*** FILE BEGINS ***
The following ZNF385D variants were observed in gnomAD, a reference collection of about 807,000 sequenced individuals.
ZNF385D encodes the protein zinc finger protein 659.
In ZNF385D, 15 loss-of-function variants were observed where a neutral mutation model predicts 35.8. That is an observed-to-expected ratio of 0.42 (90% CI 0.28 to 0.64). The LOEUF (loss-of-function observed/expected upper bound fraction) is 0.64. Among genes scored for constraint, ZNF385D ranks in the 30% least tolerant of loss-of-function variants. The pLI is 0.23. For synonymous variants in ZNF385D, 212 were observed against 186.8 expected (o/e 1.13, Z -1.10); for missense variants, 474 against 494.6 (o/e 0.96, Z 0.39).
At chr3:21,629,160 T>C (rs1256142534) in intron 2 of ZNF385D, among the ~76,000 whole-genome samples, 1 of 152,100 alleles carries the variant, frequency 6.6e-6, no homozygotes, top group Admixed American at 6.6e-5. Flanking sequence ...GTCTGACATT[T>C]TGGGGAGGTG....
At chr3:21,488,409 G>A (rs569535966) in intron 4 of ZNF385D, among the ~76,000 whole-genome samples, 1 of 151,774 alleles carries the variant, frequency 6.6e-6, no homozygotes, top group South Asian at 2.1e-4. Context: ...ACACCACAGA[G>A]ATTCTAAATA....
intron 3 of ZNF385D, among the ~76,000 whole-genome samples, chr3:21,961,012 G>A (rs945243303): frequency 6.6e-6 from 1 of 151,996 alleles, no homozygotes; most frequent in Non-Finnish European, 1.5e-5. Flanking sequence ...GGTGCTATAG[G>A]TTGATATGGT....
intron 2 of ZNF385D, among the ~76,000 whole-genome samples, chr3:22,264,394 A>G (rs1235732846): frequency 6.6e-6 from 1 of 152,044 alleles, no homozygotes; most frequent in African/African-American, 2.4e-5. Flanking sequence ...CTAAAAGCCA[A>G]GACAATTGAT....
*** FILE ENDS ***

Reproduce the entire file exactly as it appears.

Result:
The following ZNF385D variants were observed in gnomAD, a reference collection of about 807,000 sequenced individuals.
ZNF385D encodes the protein zinc finger protein 659.
In ZNF385D, 15 loss-of-function variants were observed where a neutral mutation model predicts 35.8. That is an observed-to-expected ratio of 0.42 (90% CI 0.28 to 0.64). The LOEUF (loss-of-function observed/expected upper bound fraction) is 0.64. Among genes scored for constraint, ZNF385D ranks in the 30% least tolerant of loss-of-function variants. The pLI is 0.23. For synonymous variants in ZNF385D, 212 were observed against 186.8 expected (o/e 1.13, Z -1.10); for missense variants, 474 against 494.6 (o/e 0.96, Z 0.39).
At chr3:21,629,160 T>C (rs1256142534) in intron 2 of ZNF385D, among the ~76,000 whole-genome samples, 1 of 152,100 alleles carries the variant, frequency 6.6e-6, no homozygotes, top group Admixed American at 6.6e-5. Flanking sequence ...GTCTGACATT[T>C]TGGGGAGGTG....
At chr3:21,488,409 G>A (rs569535966) in intron 4 of ZNF385D, among the ~76,000 whole-genome samples, 1 of 151,774 alleles carries the variant, frequency 6.6e-6, no homozygotes, top group South Asian at 2.1e-4. Context: ...ACACCACAGA[G>A]ATTCTAAATA....
intron 3 of ZNF385D, among the ~76,000 whole-genome samples, chr3:21,961,012 G>A (rs945243303): frequency 6.6e-6 from 1 of 151,996 alleles, no homozygotes; most frequent in Non-Finnish European, 1.5e-5. Flanking sequence ...GGTGCTATAG[G>A]TTGATATGGT....
intron 2 of ZNF385D, among the ~76,000 whole-genome samples, chr3:22,264,394 A>G (rs1235732846): frequency 6.6e-6 from 1 of 152,044 alleles, no homozygotes; most frequent in African/African-American, 2.4e-5. Flanking sequence ...CTAAAAGCCA[A>G]GACAATTGAT....